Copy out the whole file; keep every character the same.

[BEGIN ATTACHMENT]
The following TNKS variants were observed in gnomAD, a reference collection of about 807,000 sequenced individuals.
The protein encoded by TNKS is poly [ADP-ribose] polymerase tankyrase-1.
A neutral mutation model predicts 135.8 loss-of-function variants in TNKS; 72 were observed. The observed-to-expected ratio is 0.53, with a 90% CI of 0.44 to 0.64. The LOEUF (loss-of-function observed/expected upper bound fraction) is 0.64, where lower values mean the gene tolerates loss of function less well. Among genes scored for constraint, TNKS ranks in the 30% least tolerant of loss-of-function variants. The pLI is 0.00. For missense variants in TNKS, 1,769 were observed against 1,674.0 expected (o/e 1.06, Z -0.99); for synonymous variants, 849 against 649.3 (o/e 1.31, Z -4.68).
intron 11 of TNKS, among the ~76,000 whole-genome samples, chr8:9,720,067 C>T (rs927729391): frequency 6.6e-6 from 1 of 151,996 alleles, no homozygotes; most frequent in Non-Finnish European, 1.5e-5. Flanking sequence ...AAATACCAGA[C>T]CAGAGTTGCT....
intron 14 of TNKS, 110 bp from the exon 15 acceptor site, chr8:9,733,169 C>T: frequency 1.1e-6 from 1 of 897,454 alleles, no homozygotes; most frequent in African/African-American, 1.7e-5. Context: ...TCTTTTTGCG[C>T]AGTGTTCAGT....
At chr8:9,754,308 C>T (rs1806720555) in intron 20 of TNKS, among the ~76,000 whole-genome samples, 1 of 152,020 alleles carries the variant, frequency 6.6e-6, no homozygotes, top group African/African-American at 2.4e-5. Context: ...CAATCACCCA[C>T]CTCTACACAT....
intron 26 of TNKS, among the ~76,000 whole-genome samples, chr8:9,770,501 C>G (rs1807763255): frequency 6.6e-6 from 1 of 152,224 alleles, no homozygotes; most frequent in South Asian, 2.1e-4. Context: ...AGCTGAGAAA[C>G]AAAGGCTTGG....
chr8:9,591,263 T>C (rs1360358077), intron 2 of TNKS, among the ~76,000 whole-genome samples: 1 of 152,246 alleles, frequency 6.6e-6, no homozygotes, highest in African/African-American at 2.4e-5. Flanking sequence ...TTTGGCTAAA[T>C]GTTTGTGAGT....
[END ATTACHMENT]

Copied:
The following TNKS variants were observed in gnomAD, a reference collection of about 807,000 sequenced individuals.
The protein encoded by TNKS is poly [ADP-ribose] polymerase tankyrase-1.
A neutral mutation model predicts 135.8 loss-of-function variants in TNKS; 72 were observed. The observed-to-expected ratio is 0.53, with a 90% CI of 0.44 to 0.64. The LOEUF (loss-of-function observed/expected upper bound fraction) is 0.64, where lower values mean the gene tolerates loss of function less well. Among genes scored for constraint, TNKS ranks in the 30% least tolerant of loss-of-function variants. The pLI is 0.00. For missense variants in TNKS, 1,769 were observed against 1,674.0 expected (o/e 1.06, Z -0.99); for synonymous variants, 849 against 649.3 (o/e 1.31, Z -4.68).
intron 11 of TNKS, among the ~76,000 whole-genome samples, chr8:9,720,067 C>T (rs927729391): frequency 6.6e-6 from 1 of 151,996 alleles, no homozygotes; most frequent in Non-Finnish European, 1.5e-5. Flanking sequence ...AAATACCAGA[C>T]CAGAGTTGCT....
intron 14 of TNKS, 110 bp from the exon 15 acceptor site, chr8:9,733,169 C>T: frequency 1.1e-6 from 1 of 897,454 alleles, no homozygotes; most frequent in African/African-American, 1.7e-5. Context: ...TCTTTTTGCG[C>T]AGTGTTCAGT....
At chr8:9,754,308 C>T (rs1806720555) in intron 20 of TNKS, among the ~76,000 whole-genome samples, 1 of 152,020 alleles carries the variant, frequency 6.6e-6, no homozygotes, top group African/African-American at 2.4e-5. Context: ...CAATCACCCA[C>T]CTCTACACAT....
intron 26 of TNKS, among the ~76,000 whole-genome samples, chr8:9,770,501 C>G (rs1807763255): frequency 6.6e-6 from 1 of 152,224 alleles, no homozygotes; most frequent in South Asian, 2.1e-4. Context: ...AGCTGAGAAA[C>G]AAAGGCTTGG....
chr8:9,591,263 T>C (rs1360358077), intron 2 of TNKS, among the ~76,000 whole-genome samples: 1 of 152,246 alleles, frequency 6.6e-6, no homozygotes, highest in African/African-American at 2.4e-5. Flanking sequence ...TTTGGCTAAA[T>C]GTTTGTGAGT....